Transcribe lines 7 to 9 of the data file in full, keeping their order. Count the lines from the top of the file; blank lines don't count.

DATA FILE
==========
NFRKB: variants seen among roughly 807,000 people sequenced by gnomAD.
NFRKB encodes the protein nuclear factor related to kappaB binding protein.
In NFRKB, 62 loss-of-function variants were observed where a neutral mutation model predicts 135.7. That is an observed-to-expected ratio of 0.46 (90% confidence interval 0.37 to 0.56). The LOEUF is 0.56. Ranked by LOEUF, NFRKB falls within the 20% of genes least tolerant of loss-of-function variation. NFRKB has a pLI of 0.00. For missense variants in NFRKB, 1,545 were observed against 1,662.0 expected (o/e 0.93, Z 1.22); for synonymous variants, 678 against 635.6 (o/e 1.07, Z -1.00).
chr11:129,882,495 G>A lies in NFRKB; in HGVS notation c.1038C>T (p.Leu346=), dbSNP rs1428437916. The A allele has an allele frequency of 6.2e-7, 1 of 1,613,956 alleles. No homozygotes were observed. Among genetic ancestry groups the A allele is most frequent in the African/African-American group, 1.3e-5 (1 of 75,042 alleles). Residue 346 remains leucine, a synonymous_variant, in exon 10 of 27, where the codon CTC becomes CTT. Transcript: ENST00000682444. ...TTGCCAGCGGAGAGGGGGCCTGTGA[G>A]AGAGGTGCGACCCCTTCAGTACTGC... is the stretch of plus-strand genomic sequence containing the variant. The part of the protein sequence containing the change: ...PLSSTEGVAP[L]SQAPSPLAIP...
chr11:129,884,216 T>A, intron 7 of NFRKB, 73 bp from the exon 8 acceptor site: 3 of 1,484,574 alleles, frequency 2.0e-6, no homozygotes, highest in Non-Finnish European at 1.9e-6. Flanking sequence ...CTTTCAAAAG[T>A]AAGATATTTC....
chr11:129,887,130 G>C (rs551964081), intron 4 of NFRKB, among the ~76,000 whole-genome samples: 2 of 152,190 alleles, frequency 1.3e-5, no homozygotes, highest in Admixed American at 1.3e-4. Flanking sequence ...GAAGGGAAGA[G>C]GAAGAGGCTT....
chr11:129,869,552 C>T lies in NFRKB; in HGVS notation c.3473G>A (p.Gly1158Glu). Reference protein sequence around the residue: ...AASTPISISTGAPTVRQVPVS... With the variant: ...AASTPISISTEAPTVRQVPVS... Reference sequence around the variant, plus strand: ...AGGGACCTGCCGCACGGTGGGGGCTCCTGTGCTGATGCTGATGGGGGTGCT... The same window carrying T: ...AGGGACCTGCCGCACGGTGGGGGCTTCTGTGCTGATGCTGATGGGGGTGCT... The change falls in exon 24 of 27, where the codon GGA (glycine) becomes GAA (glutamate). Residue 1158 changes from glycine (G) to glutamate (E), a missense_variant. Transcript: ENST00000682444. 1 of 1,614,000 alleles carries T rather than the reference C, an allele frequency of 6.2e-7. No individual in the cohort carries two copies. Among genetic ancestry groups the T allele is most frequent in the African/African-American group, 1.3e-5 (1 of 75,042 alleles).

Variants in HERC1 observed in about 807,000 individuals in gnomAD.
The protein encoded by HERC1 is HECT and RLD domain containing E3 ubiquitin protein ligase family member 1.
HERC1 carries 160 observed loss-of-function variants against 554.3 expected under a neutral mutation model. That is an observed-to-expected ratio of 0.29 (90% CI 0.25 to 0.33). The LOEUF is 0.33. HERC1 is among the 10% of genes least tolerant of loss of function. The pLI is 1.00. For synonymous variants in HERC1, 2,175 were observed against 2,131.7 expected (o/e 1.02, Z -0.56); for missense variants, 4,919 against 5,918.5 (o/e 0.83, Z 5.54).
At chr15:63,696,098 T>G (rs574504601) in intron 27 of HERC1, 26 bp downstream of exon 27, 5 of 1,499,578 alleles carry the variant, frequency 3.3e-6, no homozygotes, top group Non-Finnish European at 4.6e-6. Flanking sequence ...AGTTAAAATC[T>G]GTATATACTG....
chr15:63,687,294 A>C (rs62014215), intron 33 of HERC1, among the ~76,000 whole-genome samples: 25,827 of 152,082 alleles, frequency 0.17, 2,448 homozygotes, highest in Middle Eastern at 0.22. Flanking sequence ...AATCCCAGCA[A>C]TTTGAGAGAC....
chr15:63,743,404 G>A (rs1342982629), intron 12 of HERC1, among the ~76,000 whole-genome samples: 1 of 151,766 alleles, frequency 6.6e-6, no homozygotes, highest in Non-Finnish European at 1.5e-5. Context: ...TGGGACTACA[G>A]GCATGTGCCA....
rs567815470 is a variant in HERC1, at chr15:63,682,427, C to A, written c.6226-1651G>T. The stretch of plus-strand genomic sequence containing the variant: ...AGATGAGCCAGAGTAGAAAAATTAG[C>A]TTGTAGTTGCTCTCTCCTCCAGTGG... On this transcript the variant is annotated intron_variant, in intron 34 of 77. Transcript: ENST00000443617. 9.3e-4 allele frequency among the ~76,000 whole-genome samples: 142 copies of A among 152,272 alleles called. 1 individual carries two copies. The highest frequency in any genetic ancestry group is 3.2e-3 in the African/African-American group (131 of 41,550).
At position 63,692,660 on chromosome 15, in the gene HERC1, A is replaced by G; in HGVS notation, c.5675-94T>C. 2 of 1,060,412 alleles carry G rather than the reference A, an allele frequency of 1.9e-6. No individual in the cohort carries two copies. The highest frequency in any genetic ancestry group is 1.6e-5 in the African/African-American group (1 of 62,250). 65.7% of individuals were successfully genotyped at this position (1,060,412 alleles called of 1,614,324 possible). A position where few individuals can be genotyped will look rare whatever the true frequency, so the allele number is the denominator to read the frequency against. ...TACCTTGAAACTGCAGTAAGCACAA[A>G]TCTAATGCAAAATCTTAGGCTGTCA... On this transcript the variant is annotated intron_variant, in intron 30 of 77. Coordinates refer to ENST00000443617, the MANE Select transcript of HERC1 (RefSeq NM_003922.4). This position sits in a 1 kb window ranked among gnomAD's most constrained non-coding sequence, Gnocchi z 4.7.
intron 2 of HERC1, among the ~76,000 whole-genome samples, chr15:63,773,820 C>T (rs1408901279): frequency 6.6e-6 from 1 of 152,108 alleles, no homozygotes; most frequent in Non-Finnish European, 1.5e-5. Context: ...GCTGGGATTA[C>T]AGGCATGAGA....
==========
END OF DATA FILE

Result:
chr11:129,869,552 C>T lies in NFRKB; in HGVS notation c.3473G>A (p.Gly1158Glu). Reference protein sequence around the residue: ...AASTPISISTGAPTVRQVPVS... With the variant: ...AASTPISISTEAPTVRQVPVS... Reference sequence around the variant, plus strand: ...AGGGACCTGCCGCACGGTGGGGGCTCCTGTGCTGATGCTGATGGGGGTGCT... The same window carrying T: ...AGGGACCTGCCGCACGGTGGGGGCTTCTGTGCTGATGCTGATGGGGGTGCT... The change falls in exon 24 of 27, where the codon GGA (glycine) becomes GAA (glutamate). Residue 1158 changes from glycine (G) to glutamate (E), a missense_variant. Transcript: ENST00000682444. 1 of 1,614,000 alleles carries T rather than the reference C, an allele frequency of 6.2e-7. No individual in the cohort carries two copies. Among genetic ancestry groups the T allele is most frequent in the African/African-American group, 1.3e-5 (1 of 75,042 alleles).

Variants in HERC1 observed in about 807,000 individuals in gnomAD.
The protein encoded by HERC1 is HECT and RLD domain containing E3 ubiquitin protein ligase family member 1.